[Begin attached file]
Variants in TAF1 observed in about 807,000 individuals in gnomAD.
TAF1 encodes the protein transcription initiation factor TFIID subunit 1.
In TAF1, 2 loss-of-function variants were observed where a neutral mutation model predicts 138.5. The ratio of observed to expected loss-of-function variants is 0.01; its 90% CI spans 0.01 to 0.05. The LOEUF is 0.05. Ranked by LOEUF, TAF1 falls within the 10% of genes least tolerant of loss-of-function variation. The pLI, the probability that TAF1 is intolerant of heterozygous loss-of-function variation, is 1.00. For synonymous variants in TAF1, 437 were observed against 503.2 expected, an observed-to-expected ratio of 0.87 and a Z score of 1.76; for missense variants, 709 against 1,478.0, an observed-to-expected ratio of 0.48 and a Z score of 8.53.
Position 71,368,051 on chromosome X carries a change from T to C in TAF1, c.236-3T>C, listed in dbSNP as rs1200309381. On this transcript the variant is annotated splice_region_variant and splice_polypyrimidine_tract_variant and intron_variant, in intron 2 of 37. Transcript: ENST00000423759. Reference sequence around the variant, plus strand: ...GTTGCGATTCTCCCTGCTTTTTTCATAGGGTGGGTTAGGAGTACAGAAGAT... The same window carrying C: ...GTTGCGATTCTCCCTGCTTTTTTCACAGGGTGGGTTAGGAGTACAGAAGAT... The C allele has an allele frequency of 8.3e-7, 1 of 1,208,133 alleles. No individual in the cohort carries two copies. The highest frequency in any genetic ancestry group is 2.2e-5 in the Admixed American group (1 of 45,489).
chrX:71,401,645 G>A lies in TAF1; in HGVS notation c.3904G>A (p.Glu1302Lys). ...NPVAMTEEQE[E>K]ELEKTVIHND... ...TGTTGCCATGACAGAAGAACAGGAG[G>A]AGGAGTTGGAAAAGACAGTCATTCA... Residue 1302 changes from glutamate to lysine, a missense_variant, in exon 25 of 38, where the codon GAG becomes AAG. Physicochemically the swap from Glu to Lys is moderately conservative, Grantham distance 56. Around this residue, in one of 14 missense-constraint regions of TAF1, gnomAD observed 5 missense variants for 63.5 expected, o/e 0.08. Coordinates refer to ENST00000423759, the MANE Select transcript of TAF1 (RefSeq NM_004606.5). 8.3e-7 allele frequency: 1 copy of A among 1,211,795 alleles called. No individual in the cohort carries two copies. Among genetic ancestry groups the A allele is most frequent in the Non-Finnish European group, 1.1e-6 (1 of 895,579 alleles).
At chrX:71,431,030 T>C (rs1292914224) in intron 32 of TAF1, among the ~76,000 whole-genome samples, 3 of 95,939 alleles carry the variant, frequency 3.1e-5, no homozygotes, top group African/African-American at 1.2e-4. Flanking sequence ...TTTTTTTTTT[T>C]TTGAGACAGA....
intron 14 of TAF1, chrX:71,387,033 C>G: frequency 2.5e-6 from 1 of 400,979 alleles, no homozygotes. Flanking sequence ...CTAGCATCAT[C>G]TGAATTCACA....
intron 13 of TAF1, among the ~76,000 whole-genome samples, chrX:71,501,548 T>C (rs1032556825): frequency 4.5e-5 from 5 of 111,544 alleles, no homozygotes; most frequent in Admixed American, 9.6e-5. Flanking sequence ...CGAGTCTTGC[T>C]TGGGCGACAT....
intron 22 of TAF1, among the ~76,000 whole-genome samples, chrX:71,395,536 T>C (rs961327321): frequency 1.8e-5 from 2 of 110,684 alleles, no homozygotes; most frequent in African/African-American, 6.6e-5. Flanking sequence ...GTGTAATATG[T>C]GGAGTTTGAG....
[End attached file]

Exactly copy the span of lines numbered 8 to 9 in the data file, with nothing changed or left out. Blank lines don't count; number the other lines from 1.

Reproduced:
intron 13 of TAF1, among the ~76,000 whole-genome samples, chrX:71,501,548 T>C (rs1032556825): frequency 4.5e-5 from 5 of 111,544 alleles, no homozygotes; most frequent in Admixed American, 9.6e-5. Flanking sequence ...CGAGTCTTGC[T>C]TGGGCGACAT....
intron 22 of TAF1, among the ~76,000 whole-genome samples, chrX:71,395,536 T>C (rs961327321): frequency 1.8e-5 from 2 of 110,684 alleles, no homozygotes; most frequent in African/African-American, 6.6e-5. Flanking sequence ...GTGTAATATG[T>C]GGAGTTTGAG....